2 See also Pazarbasioglu, Goswami, and Ree (2007) and Lane and Milesi-Ferretti (2008). Various of the issues discussed here are also treated in Frenkel and Menkhoff (2004). 3 Portfolio flows, in turn, represented about 30 percent of total grows inflows into emerging markets in the first half of 2010 (see IMF, 2011a). 4 Emerging market hedge funds have also played an albeit less important role in this context. In 2007, hedge fund flows to emerging market were estimated to have amounted to US$ 9.1 billion (IMF, 2009).

    2003 2004 2005 2006 2007 2008 2009 Q110 Q210

    Bonds 3153.3 1946.6 5729.0 6233.1 4294.9 -14717.6 8275.7 7790.4 9288.8

    Equities 8500.0 2783.6 21706.1 22440.8 40827.1 -39490.0 64383.2 7570.8 9821.8Global 2119.2 -5348.3 3147.7 4208.6 15223.3 -9114.1 34471.3 3748.6 9411.6

    Asia 5148.4 5609.0 6951.8 16790.2 16404.6 -19586.8 19108.6 1804.0 2109.8Europe/Middle East/Africa 856.5 2184.9 7587.2 -1877.4 -953.3 -4928.7 2017.3 1882.1 759.4

    Latin America 375.9 338.0 4019.5 3319.5 10152.6 -5860.4 8786.0 136.1 -2459.0Source: Global Financial Stab ility Report , IMF.

    Table 1. Mutual Fund Flows into Emerging Markets(In millions of U.S. dollars)

  • 4

    also brought risks stemming from the volatility of these flows.5 Prior to the recent global crisis, the recurrence of crises in emerging markets in the late 1990s and early 2000s had already put the spotlight on international investors. These investors were often seen as overreacting, engaging in momentum trading, exacerbating volatility, and aiding in transmitting crises across countries even in the absence of fundamental linkages (Aitken, 2007, Furman and Stiglitz, 1998).6 These views, in turn, have figured prominently in the international policy debate on reforms to the international financial architecture (such as calls for the imposition of a Tobin tax).7 The recent global crisis has again highlighted the volatility of international capital flows, and the current surge in flows to emerging markets has reignited the debate about the appropriate policy response.8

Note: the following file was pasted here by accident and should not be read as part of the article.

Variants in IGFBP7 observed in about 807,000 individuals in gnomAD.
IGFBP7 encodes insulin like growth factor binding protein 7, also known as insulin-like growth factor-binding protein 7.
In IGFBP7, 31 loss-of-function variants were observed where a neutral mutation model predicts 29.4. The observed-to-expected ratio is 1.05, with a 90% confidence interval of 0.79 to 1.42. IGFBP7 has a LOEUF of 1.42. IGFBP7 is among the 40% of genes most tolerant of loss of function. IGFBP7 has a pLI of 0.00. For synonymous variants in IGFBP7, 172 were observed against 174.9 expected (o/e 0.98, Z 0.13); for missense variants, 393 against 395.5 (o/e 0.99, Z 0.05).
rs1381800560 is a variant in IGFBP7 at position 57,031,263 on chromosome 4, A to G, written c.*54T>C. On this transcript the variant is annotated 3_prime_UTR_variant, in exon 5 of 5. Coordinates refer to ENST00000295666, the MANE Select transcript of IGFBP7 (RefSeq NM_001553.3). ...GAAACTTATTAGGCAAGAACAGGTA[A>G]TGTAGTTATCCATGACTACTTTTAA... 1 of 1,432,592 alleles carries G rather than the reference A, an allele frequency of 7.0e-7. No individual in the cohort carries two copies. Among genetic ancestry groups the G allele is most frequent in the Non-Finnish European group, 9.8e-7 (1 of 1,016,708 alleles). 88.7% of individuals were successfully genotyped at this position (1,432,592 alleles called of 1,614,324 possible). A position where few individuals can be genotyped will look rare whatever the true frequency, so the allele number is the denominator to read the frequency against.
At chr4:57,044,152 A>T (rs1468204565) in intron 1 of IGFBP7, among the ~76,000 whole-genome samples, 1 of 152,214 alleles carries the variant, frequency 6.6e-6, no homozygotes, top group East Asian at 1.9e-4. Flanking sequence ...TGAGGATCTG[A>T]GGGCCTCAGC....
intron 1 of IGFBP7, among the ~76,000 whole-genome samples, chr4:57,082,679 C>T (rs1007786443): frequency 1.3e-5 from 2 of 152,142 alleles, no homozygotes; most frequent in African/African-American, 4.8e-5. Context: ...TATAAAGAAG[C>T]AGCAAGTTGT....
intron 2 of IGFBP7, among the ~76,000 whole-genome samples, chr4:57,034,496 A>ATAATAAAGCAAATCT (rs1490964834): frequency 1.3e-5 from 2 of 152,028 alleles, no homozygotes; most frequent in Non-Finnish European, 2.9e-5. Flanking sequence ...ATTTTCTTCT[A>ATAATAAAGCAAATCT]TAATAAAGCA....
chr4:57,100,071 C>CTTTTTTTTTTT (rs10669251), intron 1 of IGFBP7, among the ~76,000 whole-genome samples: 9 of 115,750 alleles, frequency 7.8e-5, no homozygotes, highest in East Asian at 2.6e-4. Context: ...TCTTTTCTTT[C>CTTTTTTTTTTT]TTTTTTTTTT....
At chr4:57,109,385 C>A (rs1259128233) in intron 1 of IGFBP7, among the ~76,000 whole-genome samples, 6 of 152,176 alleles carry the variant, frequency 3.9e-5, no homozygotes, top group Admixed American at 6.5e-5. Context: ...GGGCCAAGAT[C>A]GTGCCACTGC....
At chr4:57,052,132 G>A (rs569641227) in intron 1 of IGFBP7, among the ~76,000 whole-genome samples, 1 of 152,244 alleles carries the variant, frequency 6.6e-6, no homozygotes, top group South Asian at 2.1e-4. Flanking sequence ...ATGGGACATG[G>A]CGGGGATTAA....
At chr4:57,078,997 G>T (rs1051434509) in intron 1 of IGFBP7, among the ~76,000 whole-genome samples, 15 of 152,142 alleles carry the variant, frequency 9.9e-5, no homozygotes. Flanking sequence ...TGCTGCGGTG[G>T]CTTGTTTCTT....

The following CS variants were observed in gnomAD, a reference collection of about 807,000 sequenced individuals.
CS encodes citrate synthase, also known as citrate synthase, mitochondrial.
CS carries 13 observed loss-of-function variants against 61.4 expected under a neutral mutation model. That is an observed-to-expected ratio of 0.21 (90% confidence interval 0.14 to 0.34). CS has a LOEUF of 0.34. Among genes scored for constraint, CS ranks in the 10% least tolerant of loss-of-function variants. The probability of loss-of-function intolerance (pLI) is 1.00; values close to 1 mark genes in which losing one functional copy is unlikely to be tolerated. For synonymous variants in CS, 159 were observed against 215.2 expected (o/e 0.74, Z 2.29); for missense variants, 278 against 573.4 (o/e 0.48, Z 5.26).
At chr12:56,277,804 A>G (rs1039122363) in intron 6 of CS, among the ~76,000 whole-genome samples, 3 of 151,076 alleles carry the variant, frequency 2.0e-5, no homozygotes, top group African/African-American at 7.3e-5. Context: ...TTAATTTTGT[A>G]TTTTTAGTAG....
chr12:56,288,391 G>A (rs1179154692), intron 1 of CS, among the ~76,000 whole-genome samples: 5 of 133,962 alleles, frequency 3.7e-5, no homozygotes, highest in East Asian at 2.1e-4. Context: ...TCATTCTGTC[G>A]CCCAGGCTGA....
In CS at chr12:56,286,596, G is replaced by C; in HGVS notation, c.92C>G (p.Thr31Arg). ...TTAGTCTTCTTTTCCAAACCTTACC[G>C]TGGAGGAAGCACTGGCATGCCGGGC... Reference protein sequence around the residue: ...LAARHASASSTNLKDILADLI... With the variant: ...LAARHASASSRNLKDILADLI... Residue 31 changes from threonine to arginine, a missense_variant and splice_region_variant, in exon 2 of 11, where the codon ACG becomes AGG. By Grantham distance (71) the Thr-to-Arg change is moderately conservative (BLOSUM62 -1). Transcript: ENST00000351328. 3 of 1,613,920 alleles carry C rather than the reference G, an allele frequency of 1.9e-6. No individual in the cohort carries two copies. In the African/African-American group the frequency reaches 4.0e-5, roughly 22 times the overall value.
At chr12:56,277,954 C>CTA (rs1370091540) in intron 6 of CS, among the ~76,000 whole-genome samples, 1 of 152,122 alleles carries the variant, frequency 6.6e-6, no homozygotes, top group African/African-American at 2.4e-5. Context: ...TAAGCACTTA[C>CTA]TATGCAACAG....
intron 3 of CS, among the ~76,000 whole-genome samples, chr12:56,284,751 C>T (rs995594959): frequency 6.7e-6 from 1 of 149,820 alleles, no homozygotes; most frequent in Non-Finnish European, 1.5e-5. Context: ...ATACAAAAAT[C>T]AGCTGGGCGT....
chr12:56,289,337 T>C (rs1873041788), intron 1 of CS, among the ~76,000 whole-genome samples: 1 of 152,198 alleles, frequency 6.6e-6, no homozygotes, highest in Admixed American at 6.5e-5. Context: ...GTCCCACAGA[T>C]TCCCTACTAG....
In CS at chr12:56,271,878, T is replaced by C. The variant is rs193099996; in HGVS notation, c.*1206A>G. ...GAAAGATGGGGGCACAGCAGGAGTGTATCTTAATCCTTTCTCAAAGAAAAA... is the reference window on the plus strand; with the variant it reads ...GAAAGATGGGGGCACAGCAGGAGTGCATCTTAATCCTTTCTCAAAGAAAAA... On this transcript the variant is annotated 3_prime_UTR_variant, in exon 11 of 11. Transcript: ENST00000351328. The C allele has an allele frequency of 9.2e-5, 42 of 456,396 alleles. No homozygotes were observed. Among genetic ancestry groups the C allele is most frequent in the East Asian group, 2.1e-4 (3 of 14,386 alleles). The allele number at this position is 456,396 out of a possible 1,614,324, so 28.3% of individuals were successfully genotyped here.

Figure 1. Emerging Market Debt and Equity Funds: Assets Under Management (US$ million)

    Source: Emerging Portfolio Fund Research.

    5 For a discussion of the benefits and costs of financial integration more generally, see Kose, Prasad, Rogoff, and Wei (2010). 6 It has been argued that this type of behavior in emerging markets can be more accentuated for so-called crossover funds (i.e. funds who invest mainly in advanced economies but allocate opportunistically in emerging markets) than in so-called dedicated funds who specialize in emerging markets. See Ong and Sy (2004). 7 For definitions of financial contagion and a review of the contagion literature, see Pritsker (2010), and Kaminsky, Reinhart, and Vegh (2003), respectively. See Duffie (2010) for a more general discussion of asset price dynamics of asset prices in settings in which only a subset of investors react to trading opportunities. 8 See Milesi-Ferretti and Tille (2010) for a recent analysis of capital flows during the global financial crisis and IMF (2011b) for a recent discussion of policy issues related to capital flows.

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  • 5

    Table 2. Global Emerging Market Equity Funds: Assets Under Management9 (By region, in US$ million)

    Source: Emerging Portfolio